“I was just a little kid in 1969 when Nina Simone‘s take on Suzanne arrived, but even ten years later, I wasn’t near cool enough to get it. Hell, I barely got Leonard Cohen. No, the awe inspiring talents of Ms. Simone would take another decade and a half to penetrate my white, suburban thickness. The mid-90s by now. Grunge had gone horribly wrong. We were slipping into pseudo-sophistication, sipping cocktails, realizing our parents had been right all along. Amy’s parents anyway, who had this album tucked way away in the dusty far reaches of their collection … just waiting for us, some enchanted evening.” (Philip Random)
“I had a copy of the Doors’ Absolutely Live kicking around for years before I finally listened to it, grabbed cheap for future reference, I guess, because at the time I was going through a prolonged phase of just not being into Jim Morrison and his bullshit, poetic and otherwise. Early 1990s finally, I put it on and what blew me away was the band. Hot shit indeed for a trio (guitar, drums, organ – the bass notes coming from the Ray Manzarek’s left hand). And yeah, I had to admit the singer had a certain something too, not remotely afraid to howl his angst and poetry and prophecy at the universe. We’re all doomed apparently.” (Philip Random)
Hate on Chicago (the band) all you want, but you’d be a fool to write off their first couple or few albums, particularly the first one, when the band was still known as Chicago Transit Authority. 1969 was the year, and the smoke from the crash and burn from the so-called hippie revolution was still lingering in the near distance (at least that’s what the experts say). But the evolutionary energy was still percolating, such that a big fat double album from a big fat seven piece band could erupt from it all with equal parts power and precision. Just try to keep still for their take on I’m A Man.
“Which gets us to the middle distance selection of the list. 555 down, 555 still to go. So I figure it has to be a record that arguably (and I love to argue) could also be Number One, on a different day, in different weather, different levels of love and chaos reigning over man and his world. So yeah, there’s great depth in Isaac Hayes‘s take on Jimmy Webb’s By The Time I Get To Phoenix, and distance, and soul, by which I mean not just the hot and buttered kind — soul that’s infinite, eternal. Once soul gets a hold of you, all the normal rules don’t apply anymore. Conventional notions of space and time become meaningless. A three minute pop mega-hit can become a twenty minute journey into the heart of truth of man, god, love, EVERYTHING. As long as you believe.” (Philip Random)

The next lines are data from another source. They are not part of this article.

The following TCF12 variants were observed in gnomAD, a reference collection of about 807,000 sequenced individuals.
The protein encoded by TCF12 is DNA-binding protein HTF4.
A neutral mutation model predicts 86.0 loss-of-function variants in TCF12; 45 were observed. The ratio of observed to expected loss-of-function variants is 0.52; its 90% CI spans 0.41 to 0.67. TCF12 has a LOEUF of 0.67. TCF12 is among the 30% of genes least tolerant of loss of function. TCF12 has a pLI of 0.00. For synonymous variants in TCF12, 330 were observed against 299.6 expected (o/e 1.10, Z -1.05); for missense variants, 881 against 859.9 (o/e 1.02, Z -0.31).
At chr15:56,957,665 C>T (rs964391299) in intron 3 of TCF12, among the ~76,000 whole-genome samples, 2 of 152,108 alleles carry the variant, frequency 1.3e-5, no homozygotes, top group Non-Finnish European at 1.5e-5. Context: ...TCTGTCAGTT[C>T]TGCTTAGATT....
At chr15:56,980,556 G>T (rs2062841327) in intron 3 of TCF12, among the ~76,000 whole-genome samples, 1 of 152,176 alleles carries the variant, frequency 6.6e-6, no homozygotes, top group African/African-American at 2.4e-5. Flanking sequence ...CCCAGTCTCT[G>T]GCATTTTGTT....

“From 1969, when Jethro Tull was still the hot new band of the moment, riding the hip edge of the cool underground, here with mandolins, bongos, other things made of wood. The song’s simple enough. A young man expressing his desire to not someday grow old and fat, and just good fun. Easier said than done, of course, but I’m comfortably into my forties now and so far so good. Yes, I’ve failed at pretty much every ambition I ever set for myself but at least I can still see my feet when I look down.” (Philip Random)
1969 ended badly for the Rolling Stones at a free concert in Northern California, a place called Altamont — a man murdered directly in front of the stage. But that was only after Brian Jones got booted from the band he’d founded, then drowned in his swimming pool, or was he murdered, too? And meanwhile, Keith Richard just kept slipping deeper and deeper into the fool’s kingdom known as heroin. And yet the Stones also found the time to record Let It Bleed that year, maybe their single greatest slab of vinyl, with Monkey Man a track that managed to not get played to death on commercial radio. Too bad, too ugly, too good.
Call Volunteers (the song) Jefferson Airplane‘s punk rock moment, a short, sharp revved up call for genuine revolution at a time when such actually seemed possible. That is, if your hair was long and your soul experienced, and you were one of maybe four hundred thousand standing out in a muddy field one August morning in 1969 between downpours. Volunteers (the album) isn’t half band either.
Taste, straight outa Cork, are one of those bands that genuinely should’ve conquered the world way back when. They had the songs, the presence, the power, even the likes of John Lennon and Eric Clapton singing their praises. But for whatever reason, it didn’t happen. We got two albums of taught, tough blues based r’n’r and then it was breakup time. Main man Rory Gallagher took off on a prolonged and committed solo career that only really stopped when his liver finally failed. And of the other two, not much more was ever heard.
“Second of two in a row from Gilded Palace of Sin, the Flying Burrito Brothers’ debut masterpiece of countrified rock. Because you can’t really hear one Burrito without the other, both apparently concerning the same girl, the same tormented relationship, which of course only makes the country stylings more relevant. Or as Motron puts it, ‘the country stuff set the drugged out hippie rock stars free to mix whiskey and heroin and broken hearts – a terrible way to live, but it sure made for some kickass and essential music.” (Philip Random)